2. Oral ciprofloxacin (500 mg twice daily) for 7 days, with or without an initial 400-mg dose of intravenous ciprofloxacin, is an appropriate choice for therapy in patients not requiring hospitalization where the prevalence of resistance of community uropathogens to fluoroquinolones is not known to exceed 10% (A-I). If an initial one-time intravenous agent is used, a long-acting antimicrobial, such as 1 g of ceftriaxone or a consolidated 24-h dose of an aminoglycoside, could be used in lieu of an intravenous fluoroquinolone (B-III). If the prevalence of fluoroquinolone resistance is thought to exceed 10%, an initial 1-time intravenous dose of a long-acting parenteral antimicrobial, such as 1 g of ceftriaxone (B-III) or a consolidated 24-h dose of an aminoglycoside, is recommended (B-III).
    1. Data are insufficient to make a recommendation about what fluoroquinolone resistance level requires an alternative agent in conjunction with or to replace a fluoroquinolone for treatment of pyelonephritis.
  3. A once-daily oral fluoroquinolone, including ciprofloxacin (1000 mg extended release for 7 days)or levofloxacin (750 mg for 5 days), is an appropriate choice for therapy in patients not requiring hospitalization where the prevalence of resistance of community uropathogens is not known to exceed 10% (B-II). If the prevalence of fluoroquinolone resistance is thought to exceed 10%, an initial intravenous dose of a long-acting parenteral antimicrobial, such as 1 g of ceftriaxone (B-III) or a consolidated 24-h dose of an aminoglycoside, is recommended (B-III).
  4. Oral trimethoprim-sulfamethoxazole (160/800 mg [1 double-strength tablet] twice-daily for 14 days) is an appropriate choice for therapy if the uropathogen is known to be susceptible (A-I). If trimethoprim-sulfamethoxazole is used when the susceptibility is not known, an initial intravenous dose of a long-acting parenteral antimicrobial, such as 1 g of ceftriaxone (B-II) or a consolidated 24-h dose of an aminoglycoside, is recommended (B-III).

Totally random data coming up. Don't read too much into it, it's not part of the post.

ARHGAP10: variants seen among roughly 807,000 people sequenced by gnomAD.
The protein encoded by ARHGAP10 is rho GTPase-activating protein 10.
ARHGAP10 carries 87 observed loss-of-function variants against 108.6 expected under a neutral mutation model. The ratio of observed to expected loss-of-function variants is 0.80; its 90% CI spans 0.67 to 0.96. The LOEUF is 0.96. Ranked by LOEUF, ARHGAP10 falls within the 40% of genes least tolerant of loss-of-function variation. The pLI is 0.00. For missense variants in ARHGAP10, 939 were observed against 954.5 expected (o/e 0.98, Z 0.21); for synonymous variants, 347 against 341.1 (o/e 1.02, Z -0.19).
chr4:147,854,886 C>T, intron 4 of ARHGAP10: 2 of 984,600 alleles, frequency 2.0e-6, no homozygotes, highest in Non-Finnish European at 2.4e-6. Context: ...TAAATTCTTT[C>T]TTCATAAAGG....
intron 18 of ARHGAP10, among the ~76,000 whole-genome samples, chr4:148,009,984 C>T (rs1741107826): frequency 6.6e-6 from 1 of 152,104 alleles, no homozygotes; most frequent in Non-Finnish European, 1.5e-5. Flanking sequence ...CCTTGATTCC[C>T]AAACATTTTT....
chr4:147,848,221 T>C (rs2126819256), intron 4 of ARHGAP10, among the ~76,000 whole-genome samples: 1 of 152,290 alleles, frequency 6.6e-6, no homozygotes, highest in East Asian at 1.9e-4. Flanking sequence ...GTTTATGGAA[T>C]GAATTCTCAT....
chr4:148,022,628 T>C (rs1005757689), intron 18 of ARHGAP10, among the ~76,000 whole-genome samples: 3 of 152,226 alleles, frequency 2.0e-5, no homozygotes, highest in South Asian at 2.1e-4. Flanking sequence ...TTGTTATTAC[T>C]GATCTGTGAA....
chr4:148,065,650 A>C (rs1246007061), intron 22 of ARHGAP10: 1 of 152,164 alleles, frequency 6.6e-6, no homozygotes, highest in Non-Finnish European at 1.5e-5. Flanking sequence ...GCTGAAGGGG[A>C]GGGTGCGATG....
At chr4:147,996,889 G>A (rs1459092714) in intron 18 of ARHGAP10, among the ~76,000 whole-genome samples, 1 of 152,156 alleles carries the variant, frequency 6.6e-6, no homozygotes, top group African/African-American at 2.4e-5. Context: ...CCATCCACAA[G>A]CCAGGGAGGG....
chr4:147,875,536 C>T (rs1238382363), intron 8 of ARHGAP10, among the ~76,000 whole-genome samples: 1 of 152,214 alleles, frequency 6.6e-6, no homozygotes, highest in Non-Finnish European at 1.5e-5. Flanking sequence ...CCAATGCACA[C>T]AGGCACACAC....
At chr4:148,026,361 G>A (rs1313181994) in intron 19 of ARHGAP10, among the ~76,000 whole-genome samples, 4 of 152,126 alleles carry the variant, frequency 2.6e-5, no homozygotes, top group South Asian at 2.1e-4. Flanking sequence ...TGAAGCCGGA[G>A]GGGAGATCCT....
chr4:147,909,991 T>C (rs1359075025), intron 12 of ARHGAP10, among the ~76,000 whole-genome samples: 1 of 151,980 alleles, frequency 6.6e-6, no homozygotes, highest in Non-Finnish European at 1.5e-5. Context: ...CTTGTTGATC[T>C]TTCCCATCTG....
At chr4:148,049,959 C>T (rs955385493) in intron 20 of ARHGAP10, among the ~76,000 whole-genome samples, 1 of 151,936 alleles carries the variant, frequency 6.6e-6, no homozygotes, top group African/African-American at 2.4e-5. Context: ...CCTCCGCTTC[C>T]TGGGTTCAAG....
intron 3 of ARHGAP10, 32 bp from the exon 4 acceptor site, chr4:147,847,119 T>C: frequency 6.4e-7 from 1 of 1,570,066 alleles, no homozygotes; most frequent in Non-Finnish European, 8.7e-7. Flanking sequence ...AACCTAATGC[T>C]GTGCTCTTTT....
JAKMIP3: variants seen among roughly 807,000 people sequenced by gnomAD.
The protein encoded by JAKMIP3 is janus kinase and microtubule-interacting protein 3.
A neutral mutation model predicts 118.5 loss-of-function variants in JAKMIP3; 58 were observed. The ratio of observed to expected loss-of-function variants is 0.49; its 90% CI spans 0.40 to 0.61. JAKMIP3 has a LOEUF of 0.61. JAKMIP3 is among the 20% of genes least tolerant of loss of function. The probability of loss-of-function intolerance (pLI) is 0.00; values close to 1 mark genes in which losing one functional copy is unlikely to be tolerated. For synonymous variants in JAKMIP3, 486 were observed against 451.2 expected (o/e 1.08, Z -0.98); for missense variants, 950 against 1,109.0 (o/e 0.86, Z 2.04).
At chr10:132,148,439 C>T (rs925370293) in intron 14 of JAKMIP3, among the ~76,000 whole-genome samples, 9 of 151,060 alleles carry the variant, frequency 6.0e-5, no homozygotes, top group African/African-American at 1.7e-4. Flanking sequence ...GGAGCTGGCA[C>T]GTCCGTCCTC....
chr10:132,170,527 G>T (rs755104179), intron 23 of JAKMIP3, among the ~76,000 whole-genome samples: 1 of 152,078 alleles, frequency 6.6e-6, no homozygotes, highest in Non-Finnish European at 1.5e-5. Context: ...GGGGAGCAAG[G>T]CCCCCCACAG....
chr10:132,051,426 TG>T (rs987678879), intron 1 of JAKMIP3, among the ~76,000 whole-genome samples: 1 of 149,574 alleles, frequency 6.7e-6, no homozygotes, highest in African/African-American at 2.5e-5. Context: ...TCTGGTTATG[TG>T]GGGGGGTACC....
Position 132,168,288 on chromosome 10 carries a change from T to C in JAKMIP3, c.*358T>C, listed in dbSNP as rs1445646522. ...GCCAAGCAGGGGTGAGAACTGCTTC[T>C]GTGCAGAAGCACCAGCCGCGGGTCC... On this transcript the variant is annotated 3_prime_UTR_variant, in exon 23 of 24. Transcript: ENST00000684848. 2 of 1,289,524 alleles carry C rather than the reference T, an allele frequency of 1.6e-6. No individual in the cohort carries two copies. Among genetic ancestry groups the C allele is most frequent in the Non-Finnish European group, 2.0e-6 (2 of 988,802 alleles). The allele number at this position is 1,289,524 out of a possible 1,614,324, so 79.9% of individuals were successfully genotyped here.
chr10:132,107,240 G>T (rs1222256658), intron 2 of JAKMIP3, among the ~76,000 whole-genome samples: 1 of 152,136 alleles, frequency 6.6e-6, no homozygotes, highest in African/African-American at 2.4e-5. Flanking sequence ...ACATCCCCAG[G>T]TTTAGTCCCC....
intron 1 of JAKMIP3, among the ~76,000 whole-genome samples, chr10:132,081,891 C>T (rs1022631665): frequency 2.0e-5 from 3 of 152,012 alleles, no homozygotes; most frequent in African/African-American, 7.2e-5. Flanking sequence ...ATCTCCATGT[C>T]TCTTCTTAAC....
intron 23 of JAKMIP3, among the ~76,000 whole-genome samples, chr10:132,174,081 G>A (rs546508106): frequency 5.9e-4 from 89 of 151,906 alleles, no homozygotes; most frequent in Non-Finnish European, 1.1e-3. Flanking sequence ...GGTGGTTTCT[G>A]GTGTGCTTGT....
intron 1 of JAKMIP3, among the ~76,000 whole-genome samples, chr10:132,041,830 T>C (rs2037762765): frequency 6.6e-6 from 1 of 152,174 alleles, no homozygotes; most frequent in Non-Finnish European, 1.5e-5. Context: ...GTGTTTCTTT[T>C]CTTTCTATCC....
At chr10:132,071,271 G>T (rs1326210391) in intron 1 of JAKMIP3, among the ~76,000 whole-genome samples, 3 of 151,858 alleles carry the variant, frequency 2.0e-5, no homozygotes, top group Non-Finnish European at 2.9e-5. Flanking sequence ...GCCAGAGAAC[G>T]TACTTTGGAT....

5. Oral β-lactam agents are less effective than other available agents for treatment of pyelonephritis (B-III). If an oral β-lactam agent is used, an initial intravenous dose of a long-acting parenteral antimicrobial, such as 1 g of ceftriaxone (B-II) or a consolidated 24-h dose of an aminoglycoside, is recommended (B-III).
    1. Data are insufficient to modify the previous guideline recommendation for a duration of therapy of 10–14 days for treatment of pyelonephritis with a β-lactam agent.
  6. Women with pyelonephritis requiring hospitalization should be initially treated with an intravenous antimicrobial regimen, such as a fluoroquinolone; an aminoglycoside, with or without ampicillin; an extended-spectrum cephalosporin or extended-spectrum penicillin, with or without an aminoglycoside; or a carbapenem. The choice between these agents should be based on local resistance data, and the regimen should be tailored on the basis of susceptibility results (B-III).